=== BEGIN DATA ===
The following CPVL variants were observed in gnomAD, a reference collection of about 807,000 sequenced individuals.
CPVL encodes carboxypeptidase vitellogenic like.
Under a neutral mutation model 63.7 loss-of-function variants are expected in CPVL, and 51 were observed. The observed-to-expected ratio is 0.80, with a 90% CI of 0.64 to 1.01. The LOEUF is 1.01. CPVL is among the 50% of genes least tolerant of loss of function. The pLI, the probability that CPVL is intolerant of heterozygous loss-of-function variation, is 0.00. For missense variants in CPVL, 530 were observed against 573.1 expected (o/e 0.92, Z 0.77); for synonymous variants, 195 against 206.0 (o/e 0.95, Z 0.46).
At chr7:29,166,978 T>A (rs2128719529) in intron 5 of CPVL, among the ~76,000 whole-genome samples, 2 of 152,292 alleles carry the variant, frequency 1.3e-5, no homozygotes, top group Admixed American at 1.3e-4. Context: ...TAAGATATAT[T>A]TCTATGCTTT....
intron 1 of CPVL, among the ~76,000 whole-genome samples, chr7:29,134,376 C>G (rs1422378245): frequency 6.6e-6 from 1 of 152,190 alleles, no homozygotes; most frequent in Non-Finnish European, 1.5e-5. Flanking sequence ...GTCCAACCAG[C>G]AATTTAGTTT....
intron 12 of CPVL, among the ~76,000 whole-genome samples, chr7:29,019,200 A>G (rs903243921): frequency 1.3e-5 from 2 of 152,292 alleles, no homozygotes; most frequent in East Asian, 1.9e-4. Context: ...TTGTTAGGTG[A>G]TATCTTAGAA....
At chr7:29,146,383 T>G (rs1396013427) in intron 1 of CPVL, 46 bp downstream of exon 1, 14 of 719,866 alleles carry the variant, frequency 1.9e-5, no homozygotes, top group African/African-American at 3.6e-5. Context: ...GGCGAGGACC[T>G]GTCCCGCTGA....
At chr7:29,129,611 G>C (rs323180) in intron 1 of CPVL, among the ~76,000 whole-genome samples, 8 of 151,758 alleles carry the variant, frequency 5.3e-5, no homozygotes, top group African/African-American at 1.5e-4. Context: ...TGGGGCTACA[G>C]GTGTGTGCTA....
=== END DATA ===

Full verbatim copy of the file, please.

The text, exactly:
The following CPVL variants were observed in gnomAD, a reference collection of about 807,000 sequenced individuals.
CPVL encodes carboxypeptidase vitellogenic like.
Under a neutral mutation model 63.7 loss-of-function variants are expected in CPVL, and 51 were observed. The observed-to-expected ratio is 0.80, with a 90% CI of 0.64 to 1.01. The LOEUF is 1.01. CPVL is among the 50% of genes least tolerant of loss of function. The pLI, the probability that CPVL is intolerant of heterozygous loss-of-function variation, is 0.00. For missense variants in CPVL, 530 were observed against 573.1 expected (o/e 0.92, Z 0.77); for synonymous variants, 195 against 206.0 (o/e 0.95, Z 0.46).
At chr7:29,166,978 T>A (rs2128719529) in intron 5 of CPVL, among the ~76,000 whole-genome samples, 2 of 152,292 alleles carry the variant, frequency 1.3e-5, no homozygotes, top group Admixed American at 1.3e-4. Context: ...TAAGATATAT[T>A]TCTATGCTTT....
intron 1 of CPVL, among the ~76,000 whole-genome samples, chr7:29,134,376 C>G (rs1422378245): frequency 6.6e-6 from 1 of 152,190 alleles, no homozygotes; most frequent in Non-Finnish European, 1.5e-5. Flanking sequence ...GTCCAACCAG[C>G]AATTTAGTTT....
intron 12 of CPVL, among the ~76,000 whole-genome samples, chr7:29,019,200 A>G (rs903243921): frequency 1.3e-5 from 2 of 152,292 alleles, no homozygotes; most frequent in East Asian, 1.9e-4. Context: ...TTGTTAGGTG[A>G]TATCTTAGAA....
At chr7:29,146,383 T>G (rs1396013427) in intron 1 of CPVL, 46 bp downstream of exon 1, 14 of 719,866 alleles carry the variant, frequency 1.9e-5, no homozygotes, top group African/African-American at 3.6e-5. Context: ...GGCGAGGACC[T>G]GTCCCGCTGA....
At chr7:29,129,611 G>C (rs323180) in intron 1 of CPVL, among the ~76,000 whole-genome samples, 8 of 151,758 alleles carry the variant, frequency 5.3e-5, no homozygotes, top group African/African-American at 1.5e-4. Context: ...TGGGGCTACA[G>C]GTGTGTGCTA....